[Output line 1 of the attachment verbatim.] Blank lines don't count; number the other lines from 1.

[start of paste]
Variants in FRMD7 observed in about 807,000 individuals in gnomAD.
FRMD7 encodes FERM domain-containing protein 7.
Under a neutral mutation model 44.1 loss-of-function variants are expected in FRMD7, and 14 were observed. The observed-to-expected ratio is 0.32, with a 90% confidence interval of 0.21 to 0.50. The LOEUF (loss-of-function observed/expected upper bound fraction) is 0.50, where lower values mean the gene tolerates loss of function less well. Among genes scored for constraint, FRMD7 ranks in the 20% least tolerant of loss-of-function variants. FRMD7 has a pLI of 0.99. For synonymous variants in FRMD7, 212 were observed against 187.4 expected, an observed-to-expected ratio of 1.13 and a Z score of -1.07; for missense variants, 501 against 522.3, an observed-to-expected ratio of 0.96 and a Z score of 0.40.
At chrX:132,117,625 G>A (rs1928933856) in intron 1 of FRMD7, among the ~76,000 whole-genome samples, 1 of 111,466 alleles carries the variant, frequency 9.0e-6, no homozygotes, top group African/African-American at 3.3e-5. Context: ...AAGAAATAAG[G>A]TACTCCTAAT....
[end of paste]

Variants in FRMD7 observed in about 807,000 individuals in gnomAD.